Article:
Just goosing around……

19 02 2016

Out of the blue, another acquaintance of mine in Geeveston who actually bought a block of land I had my eye on a few years ago offered me some geese. With twenty five of them, and having problems trying to stop them flying away to greener pastures, Dave and Cassandra decided they just had too many.  I on the other hand have always been a firm believer that mowers that don’t use fossil fuels are the best there are, and it was always my intention to keep geese and ducks (Muscovies in particular) to keep the grass down in the apple orchard.

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Dave’s farm, one stunning morning…..

Not only do they eat lots of grass, they also produce enormous quantities of very wet poo, the ideal fertiliser for my apples.  Permaculture 101, really, and eventually they reproduce supplying either eggs or meat when their numbers grow.  In exchange for the free birds, I’ve spent all day having fun on Dave’s farm (which I can clearly see from our place) with Matt and his tractor, ploughing hundreds of metres of windrows in preparation for planting a windbreak of native trees.  I also showed Dave how to clip wings to stop the birds from flying, and how to kill one the quick and humane way I’ve used for years with my ducks back in Queensland.  All in all, a very productive day…….

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wheel assembly

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Because these geese seem particularly flighty, I came up with the idea of making a goose tractor.  Now I had never even heard of tractoring such large birds, but looking it up on the internet, I did find it had been done before, and set out to build one with three metre long sticks of pine left over from building bedrooms in the shed….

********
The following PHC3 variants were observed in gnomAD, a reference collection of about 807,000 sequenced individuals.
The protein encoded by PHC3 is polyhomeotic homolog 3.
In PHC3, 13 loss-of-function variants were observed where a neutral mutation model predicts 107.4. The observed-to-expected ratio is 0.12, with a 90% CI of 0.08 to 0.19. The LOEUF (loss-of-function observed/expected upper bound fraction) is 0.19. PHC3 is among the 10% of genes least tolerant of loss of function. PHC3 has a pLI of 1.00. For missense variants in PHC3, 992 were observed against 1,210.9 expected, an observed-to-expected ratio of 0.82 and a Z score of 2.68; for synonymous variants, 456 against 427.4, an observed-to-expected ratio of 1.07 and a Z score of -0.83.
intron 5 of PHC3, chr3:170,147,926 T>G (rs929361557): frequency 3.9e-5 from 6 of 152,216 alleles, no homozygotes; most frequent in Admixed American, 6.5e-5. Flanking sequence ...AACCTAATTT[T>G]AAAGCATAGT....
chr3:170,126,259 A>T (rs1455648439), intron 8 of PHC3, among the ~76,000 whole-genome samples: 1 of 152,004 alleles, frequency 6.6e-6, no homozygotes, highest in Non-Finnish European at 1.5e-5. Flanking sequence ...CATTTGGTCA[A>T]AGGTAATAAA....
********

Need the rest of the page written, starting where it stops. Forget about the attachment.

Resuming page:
20160218_105819It’s the biggest and heaviest tractor I’ve ever built.  It needed real wheels, and I found some at the local hardware store for the princely sum of $43.  With solid rubber tyres (that can’t go flat) and proper roller bearings to take the weight, I set about making a chassis for it incorporating the wheels at one end.

I then laid out the triangular ends on the floor of the shed, mitred the tops, and using 150mm bugle head screws, fastened the lot together.  This proved unbelievably strong. In fact, the integrity of the whole structure was proven when I towed the finished tractor 250m to its starting position in the orchard….  Without breaking it!

But putting the whole spindly superstructure together outside – because I doubt it would have fitted through the shed doors – proved a little more difficult, and after getting it up on the ute’s ladder rack frame, I had to relent and ask Matt next door to come and help me turn it over for a beer…

The door is part of an aviary I picked up at the tip for five bucks, and I have enough left to now make a small tractor housing for ducklings whenever we may get those……

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The homecoming